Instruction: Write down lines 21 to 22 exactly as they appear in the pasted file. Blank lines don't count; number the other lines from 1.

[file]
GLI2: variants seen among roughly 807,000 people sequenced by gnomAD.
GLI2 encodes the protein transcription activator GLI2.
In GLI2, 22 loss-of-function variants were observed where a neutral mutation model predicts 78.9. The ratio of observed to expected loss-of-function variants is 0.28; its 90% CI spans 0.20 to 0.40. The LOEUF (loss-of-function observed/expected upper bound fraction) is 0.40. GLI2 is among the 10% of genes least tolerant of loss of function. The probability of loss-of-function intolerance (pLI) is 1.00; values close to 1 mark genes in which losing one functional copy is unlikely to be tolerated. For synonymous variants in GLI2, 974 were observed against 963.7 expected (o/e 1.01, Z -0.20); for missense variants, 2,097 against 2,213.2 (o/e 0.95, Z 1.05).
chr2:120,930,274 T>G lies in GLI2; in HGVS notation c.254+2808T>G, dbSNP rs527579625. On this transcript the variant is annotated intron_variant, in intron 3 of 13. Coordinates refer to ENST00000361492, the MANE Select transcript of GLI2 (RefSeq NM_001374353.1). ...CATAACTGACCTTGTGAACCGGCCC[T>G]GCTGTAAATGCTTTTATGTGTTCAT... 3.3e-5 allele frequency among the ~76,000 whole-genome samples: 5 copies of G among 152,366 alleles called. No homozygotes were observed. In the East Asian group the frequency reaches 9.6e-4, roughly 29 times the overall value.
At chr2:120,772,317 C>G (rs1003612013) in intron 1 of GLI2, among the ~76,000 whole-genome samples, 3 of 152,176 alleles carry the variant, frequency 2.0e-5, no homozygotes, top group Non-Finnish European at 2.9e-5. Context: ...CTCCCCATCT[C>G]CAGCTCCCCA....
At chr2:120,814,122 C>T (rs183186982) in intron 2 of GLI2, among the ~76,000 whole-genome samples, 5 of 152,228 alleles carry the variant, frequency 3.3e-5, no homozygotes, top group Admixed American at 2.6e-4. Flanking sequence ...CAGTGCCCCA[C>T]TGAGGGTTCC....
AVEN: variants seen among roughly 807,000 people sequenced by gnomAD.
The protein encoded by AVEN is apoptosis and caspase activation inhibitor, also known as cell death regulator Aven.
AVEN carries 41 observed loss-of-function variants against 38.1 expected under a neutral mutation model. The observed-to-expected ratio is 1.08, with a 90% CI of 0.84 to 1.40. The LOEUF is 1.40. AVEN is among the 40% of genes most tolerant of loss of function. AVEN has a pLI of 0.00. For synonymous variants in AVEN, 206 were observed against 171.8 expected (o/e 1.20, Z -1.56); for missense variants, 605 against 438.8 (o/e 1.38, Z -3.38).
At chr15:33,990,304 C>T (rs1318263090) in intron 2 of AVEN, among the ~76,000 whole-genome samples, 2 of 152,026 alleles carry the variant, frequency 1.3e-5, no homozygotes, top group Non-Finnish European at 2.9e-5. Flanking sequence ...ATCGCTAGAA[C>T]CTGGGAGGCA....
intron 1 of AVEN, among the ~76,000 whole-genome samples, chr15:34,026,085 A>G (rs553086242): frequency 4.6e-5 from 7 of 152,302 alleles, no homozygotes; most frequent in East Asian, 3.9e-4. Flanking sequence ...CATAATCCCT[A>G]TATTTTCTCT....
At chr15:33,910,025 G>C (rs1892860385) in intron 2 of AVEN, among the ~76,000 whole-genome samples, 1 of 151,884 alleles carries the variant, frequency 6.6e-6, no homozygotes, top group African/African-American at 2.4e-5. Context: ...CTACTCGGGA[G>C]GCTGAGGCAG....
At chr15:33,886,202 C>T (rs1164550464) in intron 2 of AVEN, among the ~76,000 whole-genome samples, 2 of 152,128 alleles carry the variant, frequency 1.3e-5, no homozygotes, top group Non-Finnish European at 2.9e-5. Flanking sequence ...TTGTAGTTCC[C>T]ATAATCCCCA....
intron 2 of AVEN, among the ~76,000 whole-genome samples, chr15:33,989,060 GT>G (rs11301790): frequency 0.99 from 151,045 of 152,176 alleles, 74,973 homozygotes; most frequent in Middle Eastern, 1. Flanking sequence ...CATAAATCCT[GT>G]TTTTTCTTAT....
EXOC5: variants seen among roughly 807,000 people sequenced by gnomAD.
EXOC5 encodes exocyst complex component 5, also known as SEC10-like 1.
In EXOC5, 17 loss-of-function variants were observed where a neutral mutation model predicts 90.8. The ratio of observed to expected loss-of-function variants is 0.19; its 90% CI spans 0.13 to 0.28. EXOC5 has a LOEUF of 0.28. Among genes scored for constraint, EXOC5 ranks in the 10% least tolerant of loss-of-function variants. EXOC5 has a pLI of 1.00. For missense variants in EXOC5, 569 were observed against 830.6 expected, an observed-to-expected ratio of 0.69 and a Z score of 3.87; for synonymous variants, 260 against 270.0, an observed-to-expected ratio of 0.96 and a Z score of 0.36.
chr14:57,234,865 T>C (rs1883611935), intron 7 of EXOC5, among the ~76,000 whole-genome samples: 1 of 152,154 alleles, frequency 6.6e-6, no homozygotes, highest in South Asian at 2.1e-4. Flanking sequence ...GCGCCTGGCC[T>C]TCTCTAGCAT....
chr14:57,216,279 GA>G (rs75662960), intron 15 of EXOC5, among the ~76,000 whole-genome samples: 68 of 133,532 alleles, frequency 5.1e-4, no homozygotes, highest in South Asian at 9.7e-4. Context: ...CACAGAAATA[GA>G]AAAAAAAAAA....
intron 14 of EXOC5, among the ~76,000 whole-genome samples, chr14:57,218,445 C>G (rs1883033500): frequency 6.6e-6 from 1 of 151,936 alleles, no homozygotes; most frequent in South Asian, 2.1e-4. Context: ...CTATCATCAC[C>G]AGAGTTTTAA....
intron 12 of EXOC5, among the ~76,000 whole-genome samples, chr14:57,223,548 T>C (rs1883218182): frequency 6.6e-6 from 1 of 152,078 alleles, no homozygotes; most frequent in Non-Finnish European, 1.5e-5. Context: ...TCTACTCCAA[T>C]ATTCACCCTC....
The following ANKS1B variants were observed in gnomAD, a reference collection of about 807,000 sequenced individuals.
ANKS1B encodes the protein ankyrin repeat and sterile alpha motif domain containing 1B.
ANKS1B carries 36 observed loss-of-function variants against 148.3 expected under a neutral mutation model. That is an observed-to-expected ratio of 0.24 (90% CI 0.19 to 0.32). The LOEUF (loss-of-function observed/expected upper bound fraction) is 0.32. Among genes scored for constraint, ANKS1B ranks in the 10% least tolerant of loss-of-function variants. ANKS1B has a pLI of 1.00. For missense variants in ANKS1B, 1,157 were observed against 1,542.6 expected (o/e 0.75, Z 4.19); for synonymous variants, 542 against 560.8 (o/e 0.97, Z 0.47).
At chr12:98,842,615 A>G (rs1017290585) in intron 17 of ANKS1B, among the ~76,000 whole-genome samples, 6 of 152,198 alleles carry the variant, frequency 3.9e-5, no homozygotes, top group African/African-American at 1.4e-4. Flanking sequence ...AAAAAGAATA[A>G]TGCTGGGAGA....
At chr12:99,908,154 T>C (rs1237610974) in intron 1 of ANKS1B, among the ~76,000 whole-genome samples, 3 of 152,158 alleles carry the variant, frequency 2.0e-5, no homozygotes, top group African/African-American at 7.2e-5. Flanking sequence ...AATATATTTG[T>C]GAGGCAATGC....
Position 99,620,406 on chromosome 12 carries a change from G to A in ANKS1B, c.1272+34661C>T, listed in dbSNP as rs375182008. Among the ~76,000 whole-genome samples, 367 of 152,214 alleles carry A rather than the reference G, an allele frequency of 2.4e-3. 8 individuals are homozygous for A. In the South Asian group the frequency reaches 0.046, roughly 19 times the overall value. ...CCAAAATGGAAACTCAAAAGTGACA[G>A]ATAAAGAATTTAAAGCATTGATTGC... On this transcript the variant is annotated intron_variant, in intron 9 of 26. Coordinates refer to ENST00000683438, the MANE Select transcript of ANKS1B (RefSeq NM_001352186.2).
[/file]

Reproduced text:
intron 12 of EXOC5, among the ~76,000 whole-genome samples, chr14:57,223,548 T>C (rs1883218182): frequency 6.6e-6 from 1 of 152,078 alleles, no homozygotes; most frequent in Non-Finnish European, 1.5e-5. Context: ...TCTACTCCAA[T>C]ATTCACCCTC....
The following ANKS1B variants were observed in gnomAD, a reference collection of about 807,000 sequenced individuals.